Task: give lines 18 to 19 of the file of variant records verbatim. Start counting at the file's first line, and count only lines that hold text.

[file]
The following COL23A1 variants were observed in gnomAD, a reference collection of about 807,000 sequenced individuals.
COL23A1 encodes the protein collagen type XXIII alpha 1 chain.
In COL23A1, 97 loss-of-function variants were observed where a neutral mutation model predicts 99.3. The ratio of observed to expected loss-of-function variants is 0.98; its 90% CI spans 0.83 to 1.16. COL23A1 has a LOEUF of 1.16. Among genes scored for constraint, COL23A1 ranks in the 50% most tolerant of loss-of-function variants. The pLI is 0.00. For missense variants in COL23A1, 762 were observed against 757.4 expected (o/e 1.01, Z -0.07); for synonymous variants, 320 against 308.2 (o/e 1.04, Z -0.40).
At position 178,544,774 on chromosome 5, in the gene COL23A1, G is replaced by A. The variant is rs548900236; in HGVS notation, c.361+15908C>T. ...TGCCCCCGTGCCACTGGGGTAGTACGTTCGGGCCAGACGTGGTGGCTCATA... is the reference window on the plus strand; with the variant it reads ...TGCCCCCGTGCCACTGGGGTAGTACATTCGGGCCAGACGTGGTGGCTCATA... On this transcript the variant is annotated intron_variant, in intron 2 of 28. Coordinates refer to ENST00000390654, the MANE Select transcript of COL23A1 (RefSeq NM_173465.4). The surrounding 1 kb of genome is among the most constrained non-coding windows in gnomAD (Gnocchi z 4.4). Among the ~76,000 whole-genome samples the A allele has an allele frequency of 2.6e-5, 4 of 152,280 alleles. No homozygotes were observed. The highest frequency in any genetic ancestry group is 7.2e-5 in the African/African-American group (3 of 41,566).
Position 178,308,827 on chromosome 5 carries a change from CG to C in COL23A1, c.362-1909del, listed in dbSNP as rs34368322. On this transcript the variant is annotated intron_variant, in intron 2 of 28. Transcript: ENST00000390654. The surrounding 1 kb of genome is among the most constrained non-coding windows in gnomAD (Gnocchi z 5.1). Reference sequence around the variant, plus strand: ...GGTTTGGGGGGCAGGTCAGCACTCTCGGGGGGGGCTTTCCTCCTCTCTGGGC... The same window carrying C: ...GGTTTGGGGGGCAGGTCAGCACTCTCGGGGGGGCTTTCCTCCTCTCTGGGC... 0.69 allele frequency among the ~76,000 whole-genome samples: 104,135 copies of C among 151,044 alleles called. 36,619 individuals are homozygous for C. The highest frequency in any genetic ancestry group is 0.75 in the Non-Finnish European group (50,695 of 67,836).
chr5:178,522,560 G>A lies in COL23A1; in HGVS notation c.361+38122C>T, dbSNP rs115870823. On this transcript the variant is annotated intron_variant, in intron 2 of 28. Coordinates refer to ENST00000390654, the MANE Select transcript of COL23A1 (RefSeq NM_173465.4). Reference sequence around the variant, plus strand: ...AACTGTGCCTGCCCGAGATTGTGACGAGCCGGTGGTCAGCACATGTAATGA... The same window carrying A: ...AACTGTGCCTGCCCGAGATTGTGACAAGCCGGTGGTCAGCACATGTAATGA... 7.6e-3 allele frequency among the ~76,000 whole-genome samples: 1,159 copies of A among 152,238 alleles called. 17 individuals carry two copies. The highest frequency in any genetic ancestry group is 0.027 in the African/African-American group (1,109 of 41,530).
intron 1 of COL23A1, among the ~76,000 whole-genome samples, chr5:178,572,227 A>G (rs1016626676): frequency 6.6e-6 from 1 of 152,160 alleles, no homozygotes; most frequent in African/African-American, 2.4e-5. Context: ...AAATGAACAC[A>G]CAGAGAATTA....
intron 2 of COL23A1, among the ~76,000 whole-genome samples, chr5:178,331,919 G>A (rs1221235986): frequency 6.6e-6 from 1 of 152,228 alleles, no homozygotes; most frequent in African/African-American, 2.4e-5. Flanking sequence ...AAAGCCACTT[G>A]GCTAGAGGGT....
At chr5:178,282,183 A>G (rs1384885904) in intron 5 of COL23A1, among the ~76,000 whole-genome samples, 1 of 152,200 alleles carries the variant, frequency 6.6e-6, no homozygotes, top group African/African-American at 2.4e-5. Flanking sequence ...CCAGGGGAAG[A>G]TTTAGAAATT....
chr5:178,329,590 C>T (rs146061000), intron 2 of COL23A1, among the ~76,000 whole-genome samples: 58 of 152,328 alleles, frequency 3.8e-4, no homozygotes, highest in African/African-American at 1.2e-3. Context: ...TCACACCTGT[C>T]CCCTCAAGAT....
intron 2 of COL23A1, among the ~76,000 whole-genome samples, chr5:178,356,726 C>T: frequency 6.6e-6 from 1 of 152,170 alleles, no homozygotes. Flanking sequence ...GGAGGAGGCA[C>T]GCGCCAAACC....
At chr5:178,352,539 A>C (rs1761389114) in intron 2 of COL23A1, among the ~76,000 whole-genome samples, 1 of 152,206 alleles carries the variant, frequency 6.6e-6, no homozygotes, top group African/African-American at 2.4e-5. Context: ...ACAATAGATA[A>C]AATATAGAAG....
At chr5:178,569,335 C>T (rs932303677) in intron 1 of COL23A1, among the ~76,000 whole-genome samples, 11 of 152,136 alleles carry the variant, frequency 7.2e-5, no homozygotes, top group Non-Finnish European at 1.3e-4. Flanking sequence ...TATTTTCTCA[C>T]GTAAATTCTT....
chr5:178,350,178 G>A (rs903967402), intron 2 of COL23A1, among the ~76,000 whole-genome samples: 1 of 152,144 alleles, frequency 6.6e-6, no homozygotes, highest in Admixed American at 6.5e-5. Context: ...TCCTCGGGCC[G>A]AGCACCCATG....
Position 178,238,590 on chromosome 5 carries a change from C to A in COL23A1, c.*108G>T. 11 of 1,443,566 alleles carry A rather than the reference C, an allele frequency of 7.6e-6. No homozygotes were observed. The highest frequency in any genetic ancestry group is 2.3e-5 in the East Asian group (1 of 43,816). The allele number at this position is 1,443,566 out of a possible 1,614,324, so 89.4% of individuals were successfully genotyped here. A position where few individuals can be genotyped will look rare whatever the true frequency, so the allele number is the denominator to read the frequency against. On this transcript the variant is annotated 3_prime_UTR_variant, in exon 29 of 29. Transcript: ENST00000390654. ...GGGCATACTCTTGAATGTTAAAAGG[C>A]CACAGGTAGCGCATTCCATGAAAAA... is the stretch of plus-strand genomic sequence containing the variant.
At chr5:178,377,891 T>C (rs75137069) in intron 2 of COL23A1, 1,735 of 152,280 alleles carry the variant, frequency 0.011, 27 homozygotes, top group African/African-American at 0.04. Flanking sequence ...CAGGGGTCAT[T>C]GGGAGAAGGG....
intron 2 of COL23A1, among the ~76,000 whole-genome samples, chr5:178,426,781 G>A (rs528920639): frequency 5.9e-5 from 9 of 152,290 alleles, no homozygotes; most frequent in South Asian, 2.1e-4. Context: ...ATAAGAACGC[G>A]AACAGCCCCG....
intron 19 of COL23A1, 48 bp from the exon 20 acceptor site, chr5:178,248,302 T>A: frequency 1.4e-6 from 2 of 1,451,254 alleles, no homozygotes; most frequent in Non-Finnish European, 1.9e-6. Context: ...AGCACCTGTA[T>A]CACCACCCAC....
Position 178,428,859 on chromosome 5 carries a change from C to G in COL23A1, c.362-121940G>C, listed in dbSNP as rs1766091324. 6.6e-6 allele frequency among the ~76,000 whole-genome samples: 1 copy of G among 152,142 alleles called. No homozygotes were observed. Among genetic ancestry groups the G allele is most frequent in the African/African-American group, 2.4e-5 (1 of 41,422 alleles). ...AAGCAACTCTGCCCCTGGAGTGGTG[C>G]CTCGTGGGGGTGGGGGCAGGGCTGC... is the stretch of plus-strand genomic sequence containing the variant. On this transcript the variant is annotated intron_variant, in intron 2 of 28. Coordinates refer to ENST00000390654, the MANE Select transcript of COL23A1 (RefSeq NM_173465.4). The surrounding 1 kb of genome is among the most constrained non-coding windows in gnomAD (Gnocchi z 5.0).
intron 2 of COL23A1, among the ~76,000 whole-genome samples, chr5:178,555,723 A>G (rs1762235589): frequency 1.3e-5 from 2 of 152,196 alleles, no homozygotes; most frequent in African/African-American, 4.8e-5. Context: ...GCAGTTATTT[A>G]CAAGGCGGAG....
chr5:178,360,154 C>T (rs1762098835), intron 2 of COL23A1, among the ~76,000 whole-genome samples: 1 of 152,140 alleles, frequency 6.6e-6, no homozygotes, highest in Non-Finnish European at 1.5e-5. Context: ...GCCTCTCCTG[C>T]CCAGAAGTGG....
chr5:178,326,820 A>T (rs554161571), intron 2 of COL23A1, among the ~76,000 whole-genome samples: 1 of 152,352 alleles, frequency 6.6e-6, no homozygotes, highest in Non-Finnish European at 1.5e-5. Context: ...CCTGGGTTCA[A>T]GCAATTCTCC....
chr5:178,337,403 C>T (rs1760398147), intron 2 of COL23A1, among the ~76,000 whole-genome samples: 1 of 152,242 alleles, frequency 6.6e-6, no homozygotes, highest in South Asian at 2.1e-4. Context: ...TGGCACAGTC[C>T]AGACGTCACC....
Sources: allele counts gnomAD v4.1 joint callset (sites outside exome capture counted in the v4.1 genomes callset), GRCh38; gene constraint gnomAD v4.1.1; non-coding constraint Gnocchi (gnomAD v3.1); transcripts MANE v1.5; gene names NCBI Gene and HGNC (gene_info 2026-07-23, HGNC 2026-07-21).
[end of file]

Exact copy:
intron 19 of COL23A1, 48 bp from the exon 20 acceptor site, chr5:178,248,302 T>A: frequency 1.4e-6 from 2 of 1,451,254 alleles, no homozygotes; most frequent in Non-Finnish European, 1.9e-6. Context: ...AGCACCTGTA[T>A]CACCACCCAC....
Position 178,428,859 on chromosome 5 carries a change from C to G in COL23A1, c.362-121940G>C, listed in dbSNP as rs1766091324. 6.6e-6 allele frequency among the ~76,000 whole-genome samples: 1 copy of G among 152,142 alleles called. No homozygotes were observed. Among genetic ancestry groups the G allele is most frequent in the African/African-American group, 2.4e-5 (1 of 41,422 alleles). ...AAGCAACTCTGCCCCTGGAGTGGTG[C>G]CTCGTGGGGGTGGGGGCAGGGCTGC... is the stretch of plus-strand genomic sequence containing the variant. On this transcript the variant is annotated intron_variant, in intron 2 of 28. Coordinates refer to ENST00000390654, the MANE Select transcript of COL23A1 (RefSeq NM_173465.4). The surrounding 1 kb of genome is among the most constrained non-coding windows in gnomAD (Gnocchi z 5.0).